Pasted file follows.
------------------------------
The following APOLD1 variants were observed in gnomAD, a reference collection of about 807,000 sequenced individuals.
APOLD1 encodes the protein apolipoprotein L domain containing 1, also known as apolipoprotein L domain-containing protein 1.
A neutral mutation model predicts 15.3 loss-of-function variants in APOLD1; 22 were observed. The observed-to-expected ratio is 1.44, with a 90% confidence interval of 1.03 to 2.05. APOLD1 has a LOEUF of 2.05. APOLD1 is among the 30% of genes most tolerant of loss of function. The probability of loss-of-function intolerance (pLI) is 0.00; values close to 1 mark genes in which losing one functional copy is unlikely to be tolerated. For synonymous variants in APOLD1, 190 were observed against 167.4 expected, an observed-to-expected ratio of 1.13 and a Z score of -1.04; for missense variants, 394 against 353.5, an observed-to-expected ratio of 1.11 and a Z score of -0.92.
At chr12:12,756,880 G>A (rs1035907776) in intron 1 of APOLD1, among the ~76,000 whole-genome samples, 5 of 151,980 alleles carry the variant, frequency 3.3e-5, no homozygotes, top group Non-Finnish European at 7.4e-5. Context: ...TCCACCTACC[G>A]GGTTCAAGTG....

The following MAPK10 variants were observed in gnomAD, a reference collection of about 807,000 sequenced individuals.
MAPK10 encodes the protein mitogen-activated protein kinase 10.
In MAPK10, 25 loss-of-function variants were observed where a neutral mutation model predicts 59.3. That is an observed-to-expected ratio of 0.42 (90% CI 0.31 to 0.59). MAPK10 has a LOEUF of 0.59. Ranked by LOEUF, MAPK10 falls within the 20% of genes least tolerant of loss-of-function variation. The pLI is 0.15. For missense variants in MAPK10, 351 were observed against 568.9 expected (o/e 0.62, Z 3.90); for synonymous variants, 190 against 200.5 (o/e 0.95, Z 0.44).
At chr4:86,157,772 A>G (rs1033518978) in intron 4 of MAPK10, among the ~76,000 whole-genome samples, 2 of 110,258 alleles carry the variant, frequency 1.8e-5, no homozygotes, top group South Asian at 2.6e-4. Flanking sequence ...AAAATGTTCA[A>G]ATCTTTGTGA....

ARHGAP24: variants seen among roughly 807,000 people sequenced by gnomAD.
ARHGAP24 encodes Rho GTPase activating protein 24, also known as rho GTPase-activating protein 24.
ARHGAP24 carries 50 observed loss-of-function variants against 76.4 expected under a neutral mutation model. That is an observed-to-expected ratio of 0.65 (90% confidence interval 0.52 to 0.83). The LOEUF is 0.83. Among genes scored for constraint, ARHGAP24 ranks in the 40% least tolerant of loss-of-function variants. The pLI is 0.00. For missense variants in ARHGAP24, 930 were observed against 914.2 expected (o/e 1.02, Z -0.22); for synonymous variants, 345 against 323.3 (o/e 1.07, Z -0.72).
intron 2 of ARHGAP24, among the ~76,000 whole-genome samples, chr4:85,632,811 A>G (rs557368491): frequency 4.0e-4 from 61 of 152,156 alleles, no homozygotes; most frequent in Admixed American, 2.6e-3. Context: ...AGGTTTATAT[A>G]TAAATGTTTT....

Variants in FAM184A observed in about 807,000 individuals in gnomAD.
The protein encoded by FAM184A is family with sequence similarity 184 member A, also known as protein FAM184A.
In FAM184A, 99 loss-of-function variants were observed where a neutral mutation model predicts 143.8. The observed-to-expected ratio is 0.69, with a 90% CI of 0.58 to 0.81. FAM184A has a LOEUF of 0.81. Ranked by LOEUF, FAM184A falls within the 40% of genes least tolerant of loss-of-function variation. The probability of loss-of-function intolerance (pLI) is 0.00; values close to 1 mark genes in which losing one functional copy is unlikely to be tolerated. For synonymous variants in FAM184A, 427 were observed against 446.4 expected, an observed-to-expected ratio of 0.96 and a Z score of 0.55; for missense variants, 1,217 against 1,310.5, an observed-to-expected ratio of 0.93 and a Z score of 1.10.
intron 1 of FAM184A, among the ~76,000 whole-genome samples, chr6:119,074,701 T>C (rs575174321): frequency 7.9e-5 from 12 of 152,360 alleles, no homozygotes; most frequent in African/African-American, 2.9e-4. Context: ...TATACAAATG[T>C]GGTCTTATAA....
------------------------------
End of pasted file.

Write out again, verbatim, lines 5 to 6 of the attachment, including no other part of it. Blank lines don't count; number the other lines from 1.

The following MAPK10 variants were observed in gnomAD, a reference collection of about 807,000 sequenced individuals.
MAPK10 encodes the protein mitogen-activated protein kinase 10.